Throughout your journey, collectible icons are hidden around the environment, representing journals that help complete a series of images, one section at a time. It can be challenging to find these journals, as they are sometimes barely peeking out from behind buildings or other parts of the landscape. While they don’t have any actual bearing on gameplay, they show the world as it was before the catastrophe and reveal additional detail for players who take the time to learn and decipher the alphabet, as a sizeable amount of “robo-text” is superimposed on each of the three images.
The third-person controls are entirely keyboard-driven and intuitive for the most part. Arrow keys are used to navigate the environment, while various alphanumeric keys are mapped for actions like pushing or using objects, and swapping between Wanda and Red. Wanda forgoes a proper tutorial in favor of a full-screen dialog box that appears whenever you are introduced to a new action, making it easy to understand. However, it neglects to indicate how to go back to the main menu, an action mapped to the F12 key. It’s a bizarre omission, because there seems to be no other way to exit the game properly.
Saves are another odd aspect of the interface. Saving is performed manually, but in order to do so you must first activate a checkpoint icon, shaped like a floppy disk, that appears floating above the ground. Usually, these appear near the beginning of a puzzle, and are frequent enough that very little backtracking would be necessary if you quit playing before saving at the next checkpoint. Saves appear to be unlimited in number, but the game is small enough that I only used nine, one at each checkpoint.
Graphically, Wanda possesses the crisp precision of hand-painted art, though the characters are slightly more blocky, imbuing them with some old-school pixel art charm. There are a variety of environments, from chrome-clad indoor scenes to dusty-brown outdoor views punctuated by hints of color, such as neon-green light strips on buildings or red planets in the sky. Overall, the graphics have a very “friendly” feel, which is appropriate in a game starring two robots who wouldn’t be out of place in a Disney film. While there’s no single scene that will blow you away, it’s incredible to me how well the art style feels like a visual representation of the characters’ naïvety.
Cinematics are numerous throughout this game. These usually occur after transitioning to a new scene or upon encountering a new puzzle, one of which happens very frequently, usually after no more than two or three intervening scenes. In many ways the cutscenes serve to make an already linear game seem more like a puzzle-punctuated interactive movie, and I suppose in some ways that is exactly what Wanda is. Given that each scene to explore is fairly small, I was annoyed at first with having my explorations constantly interrupted, which surprised me considering that some of my favorite game series of recent years have been the Telltale titles.
However, unlike in Telltale's games, there’s literally nothing for you to do during Wanda's cutscenes except to watch what happens. On the other hand, the control you lose enables the characters to do things that normally wouldn’t be possible for you to make them do, a privilege the developers have wisely employed in order to increase the narrative depth. Much of the emotional weight involves complex character actions and interaction that would be impossible to show if players remained in control. There’s only so much I can say about this topic without spoiling what should be surprising, poignant moments, but suffice it to say that my initial skepticism at constantly being asked to passively watch the game paid off in the end with a cinematic depth that I wasn’t expecting.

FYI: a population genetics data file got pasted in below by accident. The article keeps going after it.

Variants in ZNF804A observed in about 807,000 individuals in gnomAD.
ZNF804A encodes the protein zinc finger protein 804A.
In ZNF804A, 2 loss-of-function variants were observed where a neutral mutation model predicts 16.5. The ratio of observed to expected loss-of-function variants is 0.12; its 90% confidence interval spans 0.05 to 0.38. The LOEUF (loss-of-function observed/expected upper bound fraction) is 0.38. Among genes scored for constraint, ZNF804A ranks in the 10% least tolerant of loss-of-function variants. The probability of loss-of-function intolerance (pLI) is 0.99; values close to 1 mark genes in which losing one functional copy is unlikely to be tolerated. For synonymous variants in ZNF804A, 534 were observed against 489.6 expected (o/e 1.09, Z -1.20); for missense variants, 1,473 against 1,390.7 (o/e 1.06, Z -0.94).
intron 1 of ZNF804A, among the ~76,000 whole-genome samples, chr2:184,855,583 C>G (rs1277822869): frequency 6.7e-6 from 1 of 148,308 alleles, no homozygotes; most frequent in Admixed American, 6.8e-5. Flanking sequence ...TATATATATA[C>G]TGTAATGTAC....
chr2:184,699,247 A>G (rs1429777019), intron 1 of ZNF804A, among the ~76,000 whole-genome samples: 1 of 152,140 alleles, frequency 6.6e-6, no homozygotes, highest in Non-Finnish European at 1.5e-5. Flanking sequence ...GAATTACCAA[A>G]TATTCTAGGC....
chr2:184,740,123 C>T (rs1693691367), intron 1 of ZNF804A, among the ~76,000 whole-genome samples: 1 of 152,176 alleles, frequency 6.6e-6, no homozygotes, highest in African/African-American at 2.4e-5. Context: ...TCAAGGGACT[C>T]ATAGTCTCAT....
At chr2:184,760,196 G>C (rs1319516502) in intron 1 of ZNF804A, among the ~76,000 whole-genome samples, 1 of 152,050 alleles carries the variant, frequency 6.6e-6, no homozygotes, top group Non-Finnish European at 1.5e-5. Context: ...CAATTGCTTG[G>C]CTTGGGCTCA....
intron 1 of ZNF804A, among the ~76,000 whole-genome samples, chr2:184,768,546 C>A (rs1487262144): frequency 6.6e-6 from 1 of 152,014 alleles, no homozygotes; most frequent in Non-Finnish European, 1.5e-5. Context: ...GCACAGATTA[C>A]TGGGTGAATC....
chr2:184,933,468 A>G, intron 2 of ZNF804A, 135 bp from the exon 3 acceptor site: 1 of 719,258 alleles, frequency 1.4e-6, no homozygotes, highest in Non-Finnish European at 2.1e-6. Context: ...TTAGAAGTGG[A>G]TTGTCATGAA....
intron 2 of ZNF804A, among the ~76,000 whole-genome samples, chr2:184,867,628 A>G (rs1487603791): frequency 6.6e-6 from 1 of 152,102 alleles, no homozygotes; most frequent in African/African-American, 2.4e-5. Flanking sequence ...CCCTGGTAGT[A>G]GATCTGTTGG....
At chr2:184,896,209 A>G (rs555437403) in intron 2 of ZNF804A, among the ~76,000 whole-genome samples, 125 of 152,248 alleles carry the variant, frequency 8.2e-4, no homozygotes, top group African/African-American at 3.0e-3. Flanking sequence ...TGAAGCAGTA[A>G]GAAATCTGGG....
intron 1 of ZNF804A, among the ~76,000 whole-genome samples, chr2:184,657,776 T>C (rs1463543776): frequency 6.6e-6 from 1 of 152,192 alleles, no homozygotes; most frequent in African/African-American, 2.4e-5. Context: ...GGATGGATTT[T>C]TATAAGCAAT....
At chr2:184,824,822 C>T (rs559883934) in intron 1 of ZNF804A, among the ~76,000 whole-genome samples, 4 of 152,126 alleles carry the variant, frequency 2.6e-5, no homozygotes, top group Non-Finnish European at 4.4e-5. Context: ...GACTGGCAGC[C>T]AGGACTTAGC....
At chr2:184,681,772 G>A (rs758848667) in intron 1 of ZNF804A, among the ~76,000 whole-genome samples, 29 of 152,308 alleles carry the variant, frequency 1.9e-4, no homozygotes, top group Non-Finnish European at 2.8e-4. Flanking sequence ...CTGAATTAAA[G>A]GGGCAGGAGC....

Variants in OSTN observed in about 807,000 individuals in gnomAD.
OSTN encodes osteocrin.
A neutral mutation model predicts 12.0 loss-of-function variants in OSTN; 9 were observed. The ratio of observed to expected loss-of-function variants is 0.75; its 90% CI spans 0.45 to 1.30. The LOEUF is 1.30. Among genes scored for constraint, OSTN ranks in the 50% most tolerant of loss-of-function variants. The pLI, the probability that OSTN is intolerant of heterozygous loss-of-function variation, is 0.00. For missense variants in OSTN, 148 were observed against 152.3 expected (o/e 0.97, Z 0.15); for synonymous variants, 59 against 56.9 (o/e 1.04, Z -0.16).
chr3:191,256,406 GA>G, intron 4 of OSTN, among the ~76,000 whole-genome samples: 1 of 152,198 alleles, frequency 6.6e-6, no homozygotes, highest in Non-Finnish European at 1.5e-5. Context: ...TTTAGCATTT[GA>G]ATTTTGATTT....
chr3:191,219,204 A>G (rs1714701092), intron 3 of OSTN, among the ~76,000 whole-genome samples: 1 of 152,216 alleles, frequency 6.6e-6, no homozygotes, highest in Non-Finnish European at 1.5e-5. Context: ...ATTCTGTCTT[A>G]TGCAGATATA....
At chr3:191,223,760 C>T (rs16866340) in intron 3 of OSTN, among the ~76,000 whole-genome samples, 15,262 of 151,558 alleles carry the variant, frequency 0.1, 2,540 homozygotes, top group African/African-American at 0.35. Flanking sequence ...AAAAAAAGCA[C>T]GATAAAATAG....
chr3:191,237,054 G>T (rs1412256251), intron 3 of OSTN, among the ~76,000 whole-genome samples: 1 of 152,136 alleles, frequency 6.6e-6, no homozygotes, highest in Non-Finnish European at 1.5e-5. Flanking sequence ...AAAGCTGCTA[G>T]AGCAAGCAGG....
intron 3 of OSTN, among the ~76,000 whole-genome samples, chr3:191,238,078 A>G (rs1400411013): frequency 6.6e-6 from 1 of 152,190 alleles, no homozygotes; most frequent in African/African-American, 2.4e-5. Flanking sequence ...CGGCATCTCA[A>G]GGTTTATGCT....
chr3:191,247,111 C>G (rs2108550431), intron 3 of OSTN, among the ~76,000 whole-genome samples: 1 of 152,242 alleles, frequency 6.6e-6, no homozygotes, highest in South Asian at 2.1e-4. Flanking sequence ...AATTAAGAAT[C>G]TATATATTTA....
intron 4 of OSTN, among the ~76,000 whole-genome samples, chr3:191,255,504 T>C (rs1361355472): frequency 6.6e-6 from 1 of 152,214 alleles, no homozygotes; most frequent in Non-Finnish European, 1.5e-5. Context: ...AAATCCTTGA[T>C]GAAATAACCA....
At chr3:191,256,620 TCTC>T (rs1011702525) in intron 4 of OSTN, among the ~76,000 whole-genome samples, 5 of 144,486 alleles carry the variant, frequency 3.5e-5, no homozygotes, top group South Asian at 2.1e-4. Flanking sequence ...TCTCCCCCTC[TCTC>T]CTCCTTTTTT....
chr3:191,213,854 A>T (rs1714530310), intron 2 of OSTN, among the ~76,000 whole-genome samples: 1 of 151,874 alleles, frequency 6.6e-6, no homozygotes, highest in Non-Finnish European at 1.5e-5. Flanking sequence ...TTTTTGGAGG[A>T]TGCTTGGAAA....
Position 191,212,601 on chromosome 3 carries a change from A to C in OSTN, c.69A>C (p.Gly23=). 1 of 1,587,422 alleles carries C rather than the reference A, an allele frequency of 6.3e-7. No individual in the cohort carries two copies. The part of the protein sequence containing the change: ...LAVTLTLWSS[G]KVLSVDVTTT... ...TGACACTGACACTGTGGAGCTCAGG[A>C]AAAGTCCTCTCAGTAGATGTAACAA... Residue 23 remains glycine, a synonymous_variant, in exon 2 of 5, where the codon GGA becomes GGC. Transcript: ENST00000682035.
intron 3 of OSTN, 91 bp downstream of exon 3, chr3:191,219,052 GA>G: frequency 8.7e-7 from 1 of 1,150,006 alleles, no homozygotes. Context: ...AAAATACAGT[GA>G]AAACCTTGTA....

Much of Wanda’s cinematic potential is enhanced by the music. If there’s a game soundtrack that deserves to be called a score, it’s this one. For such a compact game, David Lister has composed one of the most emotionally-sweeping video game scores I’ve ever heard. It is entirely orchestral in texture, containing everything from upbeat and lighthearted tracks to awe-inspiring themes to doleful string compositions, changing to fit the necessary mood. Incredibly, it appears that the tracks accompanying the in-game cutscenes are actually composed for, and timed with, events that take place on-screen. Triumphs are marked by swells of music, melancholy moments punctuated with sad tunes. And the tracks that accompany the puzzles and the times when you can freely explore the environment are equally masterful; even though they play on a loop, I never tired of hearing them.
Sound effects are also well-done, consisting of things like electronic beeps and boops when interacting with objects and vocalizations from the two protagonists, among various other noises. Much of it is largely functional in purpose, but the vocalizations provide cues to the robots’ emotional states, such as inquisitiveness, excitement, or fear.
I wasn’t quite sure what to expect from Wanda: A Beautiful Apocalypse before I began, but I certainly wasn’t prepared for how emotionally moving the game would be. Even though it’s fairly short, it packs a lot of very good content into a small package. While the keyboard-based interface and manual save system are a little idiosyncratic, the minigame-like puzzles are challenging and surmountable with practice and time. It may be fairly linear, but the story succeeds at exploring universal themes such as friendship through the lens of its child-like protagonists. This drama is enhanced further by one of the most sweeping game scores I’ve ever heard, running the full emotional gamut. In short, for a game set in an apocalyptic wasteland and starring two robots, Wanda: A Beautiful Apocalypse has more heart and soul packed into its bits and bytes than I’ve seen in a long time, and I completely recommend it.